Tuesday, July 29, 2014
Flashback to “high-tech” Hawaii
by Larry Geller
And I thought Hawaii was a data processing backwater. Well, it may help to know that it’s not just our state government that is mired in the computer dark ages. Sit down before reading this.
John Oliver was astonished at how backward the US government’s atomic bomb launch system computers still are. Here, in a snap from Sunday’s show, he appears surprised that our government is still using 8” floppy disks.
That is amazing.
Flashback to technology shock in Hawaii
The first real computer we owned was an NEC PC98, which came with an 8” hard drive, an 8” floppy drive, and a dual 5 1/4” floppy disk drive. The whole kit was quite an investment.
As I recall, the capacity of the 8” floppy was 1 megabyte, double sided (?). Yes, megabyte. One of them. Not gigabyte. Megabyte.
The capacity of the hard drive was all of 5 megabytes. Yes.
And that was in the early 1980’s I think, or maybe a bit earlier.
Now, we shift to Hawaii.
When we arrived in 1988 and I reported to the office for work, they had an IBM PC with two floppies. You put the operating system in one and the data in the other. I can’t recall if they also had a single-floppy IBM PC. At that time, we had a 6 megahertz PC AT clone at home with hard drive and all the works.
But the government business development agency, DBED (no “T” yet), was touting Hawaii as the “center of the Pacific” for high-tech. Sheesh.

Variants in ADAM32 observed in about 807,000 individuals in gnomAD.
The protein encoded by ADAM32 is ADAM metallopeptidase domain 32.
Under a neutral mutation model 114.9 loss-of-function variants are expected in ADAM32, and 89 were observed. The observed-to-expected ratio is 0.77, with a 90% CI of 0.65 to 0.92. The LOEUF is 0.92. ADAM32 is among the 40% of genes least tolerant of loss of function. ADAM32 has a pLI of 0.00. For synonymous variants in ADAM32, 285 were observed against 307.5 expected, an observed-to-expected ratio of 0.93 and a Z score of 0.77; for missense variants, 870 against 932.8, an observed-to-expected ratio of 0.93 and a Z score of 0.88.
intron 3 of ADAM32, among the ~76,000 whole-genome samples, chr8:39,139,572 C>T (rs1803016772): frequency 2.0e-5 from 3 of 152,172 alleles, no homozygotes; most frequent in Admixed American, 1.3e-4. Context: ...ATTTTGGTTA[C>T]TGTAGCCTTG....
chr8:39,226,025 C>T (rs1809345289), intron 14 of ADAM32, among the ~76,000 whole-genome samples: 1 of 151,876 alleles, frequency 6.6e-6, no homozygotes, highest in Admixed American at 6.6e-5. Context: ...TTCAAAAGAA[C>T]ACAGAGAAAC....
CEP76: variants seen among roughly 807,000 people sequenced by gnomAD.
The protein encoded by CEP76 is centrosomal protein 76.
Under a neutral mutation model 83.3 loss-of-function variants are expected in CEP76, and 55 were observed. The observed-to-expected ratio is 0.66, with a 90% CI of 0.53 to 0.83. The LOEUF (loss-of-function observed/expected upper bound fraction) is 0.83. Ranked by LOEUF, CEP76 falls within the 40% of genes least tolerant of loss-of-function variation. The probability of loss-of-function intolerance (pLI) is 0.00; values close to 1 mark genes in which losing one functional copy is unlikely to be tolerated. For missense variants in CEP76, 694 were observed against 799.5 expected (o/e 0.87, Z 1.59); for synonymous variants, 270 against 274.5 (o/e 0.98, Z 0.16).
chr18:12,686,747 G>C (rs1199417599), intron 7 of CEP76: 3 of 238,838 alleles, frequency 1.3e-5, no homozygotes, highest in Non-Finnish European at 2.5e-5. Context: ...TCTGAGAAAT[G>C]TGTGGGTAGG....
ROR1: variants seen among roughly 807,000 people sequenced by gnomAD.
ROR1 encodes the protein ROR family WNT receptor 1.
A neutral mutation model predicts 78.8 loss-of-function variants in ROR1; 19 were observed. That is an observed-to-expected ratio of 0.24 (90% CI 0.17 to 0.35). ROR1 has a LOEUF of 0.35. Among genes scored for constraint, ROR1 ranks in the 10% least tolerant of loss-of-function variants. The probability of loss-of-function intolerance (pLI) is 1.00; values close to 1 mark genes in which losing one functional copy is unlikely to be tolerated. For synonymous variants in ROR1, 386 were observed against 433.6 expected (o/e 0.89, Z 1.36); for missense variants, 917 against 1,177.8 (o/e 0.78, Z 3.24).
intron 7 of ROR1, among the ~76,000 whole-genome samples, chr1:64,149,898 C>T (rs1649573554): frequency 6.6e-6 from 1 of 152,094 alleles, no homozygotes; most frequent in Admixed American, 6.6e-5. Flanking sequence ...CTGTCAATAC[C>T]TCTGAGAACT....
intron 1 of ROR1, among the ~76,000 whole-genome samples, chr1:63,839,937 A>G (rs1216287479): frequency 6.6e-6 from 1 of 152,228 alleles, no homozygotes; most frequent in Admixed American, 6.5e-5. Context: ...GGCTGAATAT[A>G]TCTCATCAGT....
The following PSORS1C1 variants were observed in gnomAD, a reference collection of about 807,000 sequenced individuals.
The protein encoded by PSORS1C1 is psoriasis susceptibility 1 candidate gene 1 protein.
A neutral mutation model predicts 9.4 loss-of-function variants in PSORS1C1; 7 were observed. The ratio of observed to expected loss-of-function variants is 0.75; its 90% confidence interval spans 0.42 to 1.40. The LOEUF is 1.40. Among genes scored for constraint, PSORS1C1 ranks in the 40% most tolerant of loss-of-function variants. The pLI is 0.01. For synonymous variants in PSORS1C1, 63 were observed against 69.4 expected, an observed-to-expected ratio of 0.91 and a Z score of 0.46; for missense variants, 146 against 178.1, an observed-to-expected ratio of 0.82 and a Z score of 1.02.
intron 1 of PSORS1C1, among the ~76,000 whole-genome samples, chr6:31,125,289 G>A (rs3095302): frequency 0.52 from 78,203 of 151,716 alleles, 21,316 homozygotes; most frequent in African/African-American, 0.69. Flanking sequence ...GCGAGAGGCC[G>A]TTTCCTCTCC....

All this makes me wonder if there are still any 8” floppies in our state government computers. Probably not, because another thing I discovered shortly after arrival is that there seemed to be a kind of maintenance gap. Things were budgeted for purchase but no money allocated for repair, and often treated badly.
As an example, the Department of Health was running its computers not in racks or on tables but on the floor, where of course they collected dust and dirt and overheated. At least, that was one of the excuses given for DOH’s plan to close the Diamond Head clubhouse—they needed the space for the computers. It took 300 concerned people working together—and a phone call from Gov. Cayetano—to get that plan scotched. DOH was somehow unwilling to buy shelves or tables and get those computers up off the floor.
We still have catching up to do, as evidenced by news stories highlighting system failures in the tax office, for example. But from John Oliver’s Sunday night segment, it seems that the US government hasn’t bothered to catch up, putting our lives at risk since Oliver was describing our atomic bomb delivery system. Yes, atomic bombs that could be launched by a computer system still using 8” floppy disks.
But hold on—it could be worse. They could try to update the system, and then we’d all be in trouble. Maybe it’s better just left alone.
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